“Prenuptial agreement” is probably the last phrase you want to hear your future spouse utter However, pre-nuptial agreements can be in the interest of both parties entering into marriage. A pre-nuptial agreement is one way of having the division of assets addressed in advance of death or divorce. But before you get angry at your future spouse for uttering those words, read through the following post and think about the possibility that perhaps a prenuptial agreement is an appropriate legal mechanism for protecting yourself in event of divorce or death.
Q: What is a prenuptial agreement?
A: By definition, a prenuptial (“prenup”) agreement is simply a written agreement between two people who are about to marry. In the event that the marriage is dissolved, it focuses on the possession of assets, treatment of future earnings, control of the property of each, and potential division.
Q: What can I include in my prenup?
A: Prenups include provisions for all types of financial, property, and personal assets. As long as it is fair and consistent with the laws of Massachusetts, you can include any and all items or assets that already exist or that may exist in the future (anticipated inheritances etc…). Additionally, a prenup can include a provision for future alimony or even a waiver of future alimony.
Q: Do I really need a prenuptial agreement?
A: The risk of not having a prenuptial agreement is that in the event of a divorce or death, you run the risk of the State deciding how your estate should be distributed. Should you have children from a prior marriage, there are some scenarios where the State can grant most if not all assets to the surviving spouse, leaving little to nothing for children from that prior marriage.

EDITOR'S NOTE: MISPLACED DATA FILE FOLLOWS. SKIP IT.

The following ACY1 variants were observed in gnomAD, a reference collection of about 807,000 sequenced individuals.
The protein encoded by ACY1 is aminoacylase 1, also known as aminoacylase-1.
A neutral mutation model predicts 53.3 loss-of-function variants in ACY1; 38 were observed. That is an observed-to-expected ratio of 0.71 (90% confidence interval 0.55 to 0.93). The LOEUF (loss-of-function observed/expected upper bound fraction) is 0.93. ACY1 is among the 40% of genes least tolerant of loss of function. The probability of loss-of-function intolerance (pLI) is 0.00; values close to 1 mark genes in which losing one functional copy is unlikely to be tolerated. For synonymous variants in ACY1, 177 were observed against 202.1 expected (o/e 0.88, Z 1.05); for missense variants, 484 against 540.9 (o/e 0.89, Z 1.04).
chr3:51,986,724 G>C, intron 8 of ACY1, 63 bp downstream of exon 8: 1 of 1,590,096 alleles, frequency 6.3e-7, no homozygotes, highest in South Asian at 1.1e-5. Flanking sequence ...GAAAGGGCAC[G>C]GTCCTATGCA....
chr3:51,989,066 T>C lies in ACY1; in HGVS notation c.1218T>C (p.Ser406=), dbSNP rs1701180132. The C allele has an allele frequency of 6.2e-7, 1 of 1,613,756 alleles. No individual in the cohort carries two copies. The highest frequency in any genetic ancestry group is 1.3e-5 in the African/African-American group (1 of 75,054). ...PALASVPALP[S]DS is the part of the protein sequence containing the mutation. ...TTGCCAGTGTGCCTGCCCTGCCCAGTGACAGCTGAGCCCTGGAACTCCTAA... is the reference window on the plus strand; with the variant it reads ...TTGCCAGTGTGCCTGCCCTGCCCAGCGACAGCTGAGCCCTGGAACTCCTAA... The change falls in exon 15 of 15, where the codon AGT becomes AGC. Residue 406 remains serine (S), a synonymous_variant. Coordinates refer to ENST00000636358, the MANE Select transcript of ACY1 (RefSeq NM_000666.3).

Q: Aren’t prenups just for rich people? Do I really need one?
A: Anyone looking to protect any premarital assets should consider a prenuptial agreement.
Q: What if I want to change the terms in the prenuptial agreement later on in my marriage?
A: Prenups can be changed or even cancelled later into the marriage. However, both people in the contract need to agree to the new terms.
Q: I found a sample prenuptial agreement online. Can’t I just write my own based on that one?
A: This is where things can get tricky. While there are plenty of sample prenuptial agreements online, it is questionable whether or not they will be validated in a court of law or if they really protect your individual interests. Additionally, it is hard to tell if the agreement will withstand it being challenged. This is why it is strongly recommended to seek attorneys to help draft your prenuptial agreement. Having a Massachusetts attorney represent you will help ensure that your prenuptial agreement would be consistent with the laws of the Commonwealth of Massachusetts and increase the changes that it withstand being challenged. The terms of the prenuptial agreement must be deemed fair when it was written and when it is being enforced. Only an attorney can help you draft such a contract. Additionally, we always recommend that both parties should have their own counsel review the agreement.
Q: I heard that Levine-Piro Law is really good. Can’t I just go to them?
A: While we are more than happy to help you draft your prenuptial agreement or review an agreement that has been drafted by another attorney, it is advised for each spouse to seek out separate attorneys (don’t worry, we can point you in the right direction). The reason for this is to increase the likelihood that the prenuptial agreement will be validated. It would be a conflict of interest for our firm to represent both parties.
Q: Will I spend all of my saved assets on attorney’s fees for this prenuptial agreement?
A: The cost to draft and/or review a prenup will vary depending on how much time is required and the time required is based on the length and complication of the agreement.
While no one wants to think of the possibility of divorce or death, either of those possibilities brings forth an onslaught of difficulties. With the use of prenuptial agreements, people can have one less thing to worry about during the stressful times of death and divorce.